In the story the mat however becomes a means of transport. Not because of the man who is on it, nor because the mat itself miraculously changes into a flying carpet, but because there are four others, of whom we don’t even get to know what they were to this paralytic man, who take a corner each and decide they will move this mat and the man on it to a place where his illness can be shifted. Nothing would have happened in the story if the mat had not been moved by the four men. Everything had stayed the same.

They take a huge risk those 4 when they pick up that mat. This could all end in a huge disappointment, they could be raising false expectations, they can end up being ridiculed, there is no guarantee of success. Just blind and fairly pig headed faith that if they get this man and his mat to Jesus things will change.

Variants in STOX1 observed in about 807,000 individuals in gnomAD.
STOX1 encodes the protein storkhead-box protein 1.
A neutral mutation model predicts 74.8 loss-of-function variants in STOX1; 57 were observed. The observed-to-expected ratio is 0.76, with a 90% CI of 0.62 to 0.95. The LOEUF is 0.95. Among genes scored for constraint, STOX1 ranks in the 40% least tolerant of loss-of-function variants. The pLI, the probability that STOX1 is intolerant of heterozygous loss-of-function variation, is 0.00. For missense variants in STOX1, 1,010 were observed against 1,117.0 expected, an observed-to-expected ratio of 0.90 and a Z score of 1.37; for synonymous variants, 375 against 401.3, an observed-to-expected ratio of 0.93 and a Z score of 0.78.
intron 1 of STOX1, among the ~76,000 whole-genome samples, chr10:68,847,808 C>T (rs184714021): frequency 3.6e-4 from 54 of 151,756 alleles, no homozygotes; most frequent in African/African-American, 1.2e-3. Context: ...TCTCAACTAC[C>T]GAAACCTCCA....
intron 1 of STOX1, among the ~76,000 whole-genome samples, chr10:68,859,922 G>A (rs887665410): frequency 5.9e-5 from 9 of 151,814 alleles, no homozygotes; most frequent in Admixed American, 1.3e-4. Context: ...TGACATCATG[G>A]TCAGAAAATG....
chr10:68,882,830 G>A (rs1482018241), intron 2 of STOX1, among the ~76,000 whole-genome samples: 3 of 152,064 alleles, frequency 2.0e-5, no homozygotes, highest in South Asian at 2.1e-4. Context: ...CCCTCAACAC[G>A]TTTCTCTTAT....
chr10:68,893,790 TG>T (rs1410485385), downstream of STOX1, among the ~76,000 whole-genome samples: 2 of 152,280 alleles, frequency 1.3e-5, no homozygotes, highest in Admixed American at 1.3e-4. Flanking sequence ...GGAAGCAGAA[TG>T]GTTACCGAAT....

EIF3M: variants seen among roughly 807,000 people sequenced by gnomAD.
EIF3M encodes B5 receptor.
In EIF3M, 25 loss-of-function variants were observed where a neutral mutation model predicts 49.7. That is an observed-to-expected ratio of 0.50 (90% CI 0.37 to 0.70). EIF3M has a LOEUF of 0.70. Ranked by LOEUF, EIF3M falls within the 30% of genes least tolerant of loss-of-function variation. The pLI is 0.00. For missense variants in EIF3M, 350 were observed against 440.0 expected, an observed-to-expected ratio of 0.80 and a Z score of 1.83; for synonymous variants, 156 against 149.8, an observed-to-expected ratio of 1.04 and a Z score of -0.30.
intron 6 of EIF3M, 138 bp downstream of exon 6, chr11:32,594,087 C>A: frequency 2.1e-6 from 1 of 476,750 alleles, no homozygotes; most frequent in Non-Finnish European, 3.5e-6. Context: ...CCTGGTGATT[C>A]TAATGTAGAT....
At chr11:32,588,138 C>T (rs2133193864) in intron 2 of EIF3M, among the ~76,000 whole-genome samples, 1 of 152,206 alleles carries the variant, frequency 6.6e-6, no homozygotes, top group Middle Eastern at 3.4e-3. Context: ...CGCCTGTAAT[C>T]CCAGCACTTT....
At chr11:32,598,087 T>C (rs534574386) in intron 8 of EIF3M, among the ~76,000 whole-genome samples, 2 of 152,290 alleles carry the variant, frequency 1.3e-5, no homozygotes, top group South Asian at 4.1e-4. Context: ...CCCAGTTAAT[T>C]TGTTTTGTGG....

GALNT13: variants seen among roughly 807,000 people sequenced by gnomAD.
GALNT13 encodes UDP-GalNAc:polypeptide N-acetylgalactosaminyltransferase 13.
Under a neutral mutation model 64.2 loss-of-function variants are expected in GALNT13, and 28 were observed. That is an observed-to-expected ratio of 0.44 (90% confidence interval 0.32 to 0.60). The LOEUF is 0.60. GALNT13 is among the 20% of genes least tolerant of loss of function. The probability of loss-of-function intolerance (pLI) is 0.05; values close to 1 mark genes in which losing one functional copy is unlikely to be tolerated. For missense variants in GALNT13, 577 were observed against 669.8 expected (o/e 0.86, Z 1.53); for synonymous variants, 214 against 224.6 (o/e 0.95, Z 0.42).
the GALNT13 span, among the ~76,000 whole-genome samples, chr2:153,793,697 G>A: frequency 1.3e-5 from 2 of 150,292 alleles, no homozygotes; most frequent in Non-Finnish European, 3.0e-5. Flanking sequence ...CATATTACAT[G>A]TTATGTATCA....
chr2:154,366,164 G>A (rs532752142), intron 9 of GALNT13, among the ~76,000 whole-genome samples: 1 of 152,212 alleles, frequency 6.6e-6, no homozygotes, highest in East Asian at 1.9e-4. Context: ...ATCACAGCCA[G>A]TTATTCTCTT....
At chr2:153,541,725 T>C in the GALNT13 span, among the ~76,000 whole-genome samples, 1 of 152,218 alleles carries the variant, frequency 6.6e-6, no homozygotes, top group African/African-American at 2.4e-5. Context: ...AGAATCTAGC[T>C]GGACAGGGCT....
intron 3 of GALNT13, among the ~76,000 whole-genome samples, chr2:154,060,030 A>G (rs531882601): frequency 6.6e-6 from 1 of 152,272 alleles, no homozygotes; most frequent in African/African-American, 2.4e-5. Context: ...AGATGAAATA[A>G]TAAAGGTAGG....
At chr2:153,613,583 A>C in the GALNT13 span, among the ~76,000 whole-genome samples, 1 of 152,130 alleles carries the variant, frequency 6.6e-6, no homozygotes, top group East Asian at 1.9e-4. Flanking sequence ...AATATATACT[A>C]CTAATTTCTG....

And suddenly I saw the Church in that. Us. Trying to move hurt, suffering, paralysis in our world by taking one corner each of the mat of impotence and taking it to the Lord in the pigheaded belief that if we do things will change. Carrying on despite all the hurdles that are thrown up in our way. The heroic Church that will try and save the world and those who are in it discounting cost, but persevering even where prospects of actually getting the job done may look pretty bleak.